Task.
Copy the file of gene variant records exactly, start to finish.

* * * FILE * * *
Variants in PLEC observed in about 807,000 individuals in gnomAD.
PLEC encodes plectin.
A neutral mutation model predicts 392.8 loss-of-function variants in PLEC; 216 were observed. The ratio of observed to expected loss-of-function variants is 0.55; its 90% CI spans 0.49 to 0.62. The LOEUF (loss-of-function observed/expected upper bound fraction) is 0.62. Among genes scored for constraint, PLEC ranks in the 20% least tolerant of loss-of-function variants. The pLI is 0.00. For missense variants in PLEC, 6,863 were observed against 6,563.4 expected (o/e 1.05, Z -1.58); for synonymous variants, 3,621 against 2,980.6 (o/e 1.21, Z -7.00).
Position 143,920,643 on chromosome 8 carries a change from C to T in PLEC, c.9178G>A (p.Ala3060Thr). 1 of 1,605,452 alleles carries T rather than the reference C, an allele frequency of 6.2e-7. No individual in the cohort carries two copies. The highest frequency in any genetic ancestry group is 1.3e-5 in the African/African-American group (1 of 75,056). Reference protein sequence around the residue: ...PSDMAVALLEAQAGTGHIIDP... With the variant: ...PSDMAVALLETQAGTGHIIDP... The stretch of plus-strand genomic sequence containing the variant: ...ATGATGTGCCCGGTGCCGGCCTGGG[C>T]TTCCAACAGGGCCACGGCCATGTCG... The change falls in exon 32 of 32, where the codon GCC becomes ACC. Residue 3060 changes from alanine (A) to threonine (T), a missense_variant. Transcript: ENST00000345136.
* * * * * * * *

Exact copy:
Variants in PLEC observed in about 807,000 individuals in gnomAD.
PLEC encodes plectin.
A neutral mutation model predicts 392.8 loss-of-function variants in PLEC; 216 were observed. The ratio of observed to expected loss-of-function variants is 0.55; its 90% CI spans 0.49 to 0.62. The LOEUF (loss-of-function observed/expected upper bound fraction) is 0.62. Among genes scored for constraint, PLEC ranks in the 20% least tolerant of loss-of-function variants. The pLI is 0.00. For missense variants in PLEC, 6,863 were observed against 6,563.4 expected (o/e 1.05, Z -1.58); for synonymous variants, 3,621 against 2,980.6 (o/e 1.21, Z -7.00).
Position 143,920,643 on chromosome 8 carries a change from C to T in PLEC, c.9178G>A (p.Ala3060Thr). 1 of 1,605,452 alleles carries T rather than the reference C, an allele frequency of 6.2e-7. No individual in the cohort carries two copies. The highest frequency in any genetic ancestry group is 1.3e-5 in the African/African-American group (1 of 75,056). Reference protein sequence around the residue: ...PSDMAVALLEAQAGTGHIIDP... With the variant: ...PSDMAVALLETQAGTGHIIDP... The stretch of plus-strand genomic sequence containing the variant: ...ATGATGTGCCCGGTGCCGGCCTGGG[C>T]TTCCAACAGGGCCACGGCCATGTCG... The change falls in exon 32 of 32, where the codon GCC becomes ACC. Residue 3060 changes from alanine (A) to threonine (T), a missense_variant. Transcript: ENST00000345136.